Tuesday, February 25, 2003

Chapman was read his rights, officers testify

By Jim Hannah
The Cincinnati Enquirer

WARSAW - Four sheriff's deputies from West Virginia testified for three hours Monday as defense attorneys for Marco Allen Chapman attempted to get the accused killer's alleged confession thrown out.

The defense argues Chapman was not advised of his rights.

The West Virginia deputies were all present when Chapman was read his Miranda rights, said Commonwealth Attorney Linda Tally Smith. The two deputies who were present during most of the conversation said Chapman only asked for an attorney after speaking with authorities for about 1 hours.

The defense cross-examined the deputies but didn't call additional witnesses during the suppression hearing. The judge didn't rule Monday. He is allowing defense attorneys to submit a written brief after they receive a lab report. Part of their argument is that Chapman was under the influence at the time of the alleged confession, and they are awaiting blood tests to back up their claim.

The statement Chapman gave police has not been released to the public; it is said to be long and rambling. The transcript is 77 typed pages.

Defense attorneys told the court that they have commissioned University of Kentucky pollsters to measure how many people in Gallatin County are familiar with the Chapman case.

They hope the poll results will bolster their argument for a change of venue. Smith, however, said she was still opposed to moving the trial to another area.

Chapman was accused in August of a home invasion that left two children dead and their mother and a sister seriously wounded.

Chapman, of Union, stands charged with two counts each of murder and attempted murder, and one count each of rape, robbery, burglary and being a persistent felony offender.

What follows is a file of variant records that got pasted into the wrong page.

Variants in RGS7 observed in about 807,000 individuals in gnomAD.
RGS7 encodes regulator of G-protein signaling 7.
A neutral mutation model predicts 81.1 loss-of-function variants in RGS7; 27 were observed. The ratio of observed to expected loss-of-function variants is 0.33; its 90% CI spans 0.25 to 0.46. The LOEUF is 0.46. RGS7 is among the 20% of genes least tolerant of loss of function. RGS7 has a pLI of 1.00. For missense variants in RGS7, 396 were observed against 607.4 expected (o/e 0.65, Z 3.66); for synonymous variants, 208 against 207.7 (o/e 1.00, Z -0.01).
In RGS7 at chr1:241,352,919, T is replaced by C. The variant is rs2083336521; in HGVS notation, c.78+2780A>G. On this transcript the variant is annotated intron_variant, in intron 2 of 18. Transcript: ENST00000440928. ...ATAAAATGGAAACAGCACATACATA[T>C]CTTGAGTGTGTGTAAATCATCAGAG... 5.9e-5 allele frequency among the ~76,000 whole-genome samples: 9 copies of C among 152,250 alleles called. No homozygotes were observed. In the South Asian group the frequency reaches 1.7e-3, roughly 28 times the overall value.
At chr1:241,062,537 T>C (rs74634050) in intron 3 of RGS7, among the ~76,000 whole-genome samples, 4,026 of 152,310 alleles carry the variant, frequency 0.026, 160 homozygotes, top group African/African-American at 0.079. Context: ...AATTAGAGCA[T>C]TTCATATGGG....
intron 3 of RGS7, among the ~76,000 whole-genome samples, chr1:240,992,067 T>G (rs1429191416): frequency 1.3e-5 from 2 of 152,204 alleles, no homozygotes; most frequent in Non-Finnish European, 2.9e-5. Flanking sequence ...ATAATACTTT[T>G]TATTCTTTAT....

Chapman is accused of killing Chelbi Sharon, 7, and her brother, Cody Sharon, 6.

Their mother, Carolyn Marksberry, survived 15 stab wounds and their sister, Courtney Sharon, 10 at the time, suffered cuts to the face.

After the attack, Chapman led police on a 200-mile chase to his home state of West Virginia, where he was apprehended and arrested.

E-mail jhannah@enquirer.com

City takes role in homeland security
Reds fans get another crack at tickets
Army training accident ends life of promise
Road salt in short supply
Making it on the outside: Part 3

PULFER: Scientific swimsuit edition
RADEL: Signs of spring

River level rises
River Road wreck

New tool offers help for kidney patients
New court to deal with mentally ill
Hit-run driver gets jail
County will revise Memorial Hall lease

Agencies receive money to fight teenage drinking
Tristate A.M. Report
Good News: Benefit for homeless children
Obituary: R.A. Weiskittel, 85, was newspaperman

Kerosene tank contained gas; buyers sought

Share of airport bill declined

Student-run bank pays off

Bicentennial Moments: Anna Symmes Harrison helped tame wilderness
Cargo planes supporting troops using Wright-Pat

Florence hires auditor who found alleged embezzlement
1 school stays open; 2 close
Eight days without power: Victims cope, hope
Officer seeks re-instatement
Chapman was read his rights, officers testify
No indictments for officers in shooting

Cause of country club fire can't be found